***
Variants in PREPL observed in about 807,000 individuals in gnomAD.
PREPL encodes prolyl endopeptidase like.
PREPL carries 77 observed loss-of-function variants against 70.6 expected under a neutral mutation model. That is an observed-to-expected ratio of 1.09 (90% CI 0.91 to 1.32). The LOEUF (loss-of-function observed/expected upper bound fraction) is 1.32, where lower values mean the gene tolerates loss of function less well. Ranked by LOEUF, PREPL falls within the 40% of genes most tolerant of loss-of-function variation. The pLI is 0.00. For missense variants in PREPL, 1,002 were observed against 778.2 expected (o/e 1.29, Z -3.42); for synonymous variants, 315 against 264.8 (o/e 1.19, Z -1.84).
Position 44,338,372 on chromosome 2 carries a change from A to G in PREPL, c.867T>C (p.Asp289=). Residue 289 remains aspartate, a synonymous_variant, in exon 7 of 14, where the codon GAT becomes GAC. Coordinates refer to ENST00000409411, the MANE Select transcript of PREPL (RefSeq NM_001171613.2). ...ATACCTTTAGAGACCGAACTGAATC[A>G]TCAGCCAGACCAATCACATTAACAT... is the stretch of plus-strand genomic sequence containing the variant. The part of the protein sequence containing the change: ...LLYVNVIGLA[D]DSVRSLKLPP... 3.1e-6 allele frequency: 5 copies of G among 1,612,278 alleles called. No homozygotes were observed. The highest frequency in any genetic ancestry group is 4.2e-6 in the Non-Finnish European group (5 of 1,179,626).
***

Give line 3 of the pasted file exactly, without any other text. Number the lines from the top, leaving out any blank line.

PREPL carries 77 observed loss-of-function variants against 70.6 expected under a neutral mutation model. That is an observed-to-expected ratio of 1.09 (90% CI 0.91 to 1.32). The LOEUF (loss-of-function observed/expected upper bound fraction) is 1.32, where lower values mean the gene tolerates loss of function less well. Ranked by LOEUF, PREPL falls within the 40% of genes most tolerant of loss-of-function variation. The pLI is 0.00. For missense variants in PREPL, 1,002 were observed against 778.2 expected (o/e 1.29, Z -3.42); for synonymous variants, 315 against 264.8 (o/e 1.19, Z -1.84).